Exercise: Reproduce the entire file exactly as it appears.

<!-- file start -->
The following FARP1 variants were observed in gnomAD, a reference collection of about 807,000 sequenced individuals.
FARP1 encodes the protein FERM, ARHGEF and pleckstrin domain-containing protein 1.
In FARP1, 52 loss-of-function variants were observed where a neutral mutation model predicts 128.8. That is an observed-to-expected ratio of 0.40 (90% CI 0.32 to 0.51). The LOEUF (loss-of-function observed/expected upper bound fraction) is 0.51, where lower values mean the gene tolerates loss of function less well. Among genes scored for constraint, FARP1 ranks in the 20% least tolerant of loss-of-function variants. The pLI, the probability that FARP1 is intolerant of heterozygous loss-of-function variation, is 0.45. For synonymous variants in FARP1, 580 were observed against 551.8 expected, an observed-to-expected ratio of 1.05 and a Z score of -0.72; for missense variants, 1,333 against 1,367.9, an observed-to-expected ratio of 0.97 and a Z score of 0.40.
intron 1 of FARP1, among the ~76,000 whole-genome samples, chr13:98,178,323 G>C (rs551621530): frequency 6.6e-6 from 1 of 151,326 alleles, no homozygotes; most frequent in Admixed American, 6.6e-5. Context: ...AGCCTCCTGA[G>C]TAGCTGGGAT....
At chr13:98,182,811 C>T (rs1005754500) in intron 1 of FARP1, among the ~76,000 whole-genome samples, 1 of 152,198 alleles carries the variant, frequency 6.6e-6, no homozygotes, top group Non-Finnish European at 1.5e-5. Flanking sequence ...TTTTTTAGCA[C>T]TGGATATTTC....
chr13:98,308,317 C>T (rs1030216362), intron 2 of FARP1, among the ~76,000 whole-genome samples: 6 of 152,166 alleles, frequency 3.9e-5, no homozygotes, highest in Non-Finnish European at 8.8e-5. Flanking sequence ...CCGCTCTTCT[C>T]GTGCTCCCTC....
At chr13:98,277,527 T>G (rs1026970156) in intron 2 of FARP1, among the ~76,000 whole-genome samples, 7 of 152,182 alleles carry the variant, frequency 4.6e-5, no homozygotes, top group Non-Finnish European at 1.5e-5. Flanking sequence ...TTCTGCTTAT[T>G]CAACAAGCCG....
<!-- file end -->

The following FARP1 variants were observed in gnomAD, a reference collection of about 807,000 sequenced individuals.
FARP1 encodes the protein FERM, ARHGEF and pleckstrin domain-containing protein 1.
In FARP1, 52 loss-of-function variants were observed where a neutral mutation model predicts 128.8. That is an observed-to-expected ratio of 0.40 (90% CI 0.32 to 0.51). The LOEUF (loss-of-function observed/expected upper bound fraction) is 0.51, where lower values mean the gene tolerates loss of function less well. Among genes scored for constraint, FARP1 ranks in the 20% least tolerant of loss-of-function variants. The pLI, the probability that FARP1 is intolerant of heterozygous loss-of-function variation, is 0.45. For synonymous variants in FARP1, 580 were observed against 551.8 expected, an observed-to-expected ratio of 1.05 and a Z score of -0.72; for missense variants, 1,333 against 1,367.9, an observed-to-expected ratio of 0.97 and a Z score of 0.40.
intron 1 of FARP1, among the ~76,000 whole-genome samples, chr13:98,178,323 G>C (rs551621530): frequency 6.6e-6 from 1 of 151,326 alleles, no homozygotes; most frequent in Admixed American, 6.6e-5. Context: ...AGCCTCCTGA[G>C]TAGCTGGGAT....
At chr13:98,182,811 C>T (rs1005754500) in intron 1 of FARP1, among the ~76,000 whole-genome samples, 1 of 152,198 alleles carries the variant, frequency 6.6e-6, no homozygotes, top group Non-Finnish European at 1.5e-5. Flanking sequence ...TTTTTTAGCA[C>T]TGGATATTTC....
chr13:98,308,317 C>T (rs1030216362), intron 2 of FARP1, among the ~76,000 whole-genome samples: 6 of 152,166 alleles, frequency 3.9e-5, no homozygotes, highest in Non-Finnish European at 8.8e-5. Flanking sequence ...CCGCTCTTCT[C>T]GTGCTCCCTC....
At chr13:98,277,527 T>G (rs1026970156) in intron 2 of FARP1, among the ~76,000 whole-genome samples, 7 of 152,182 alleles carry the variant, frequency 4.6e-5, no homozygotes, top group Non-Finnish European at 1.5e-5. Flanking sequence ...TTCTGCTTAT[T>G]CAACAAGCCG....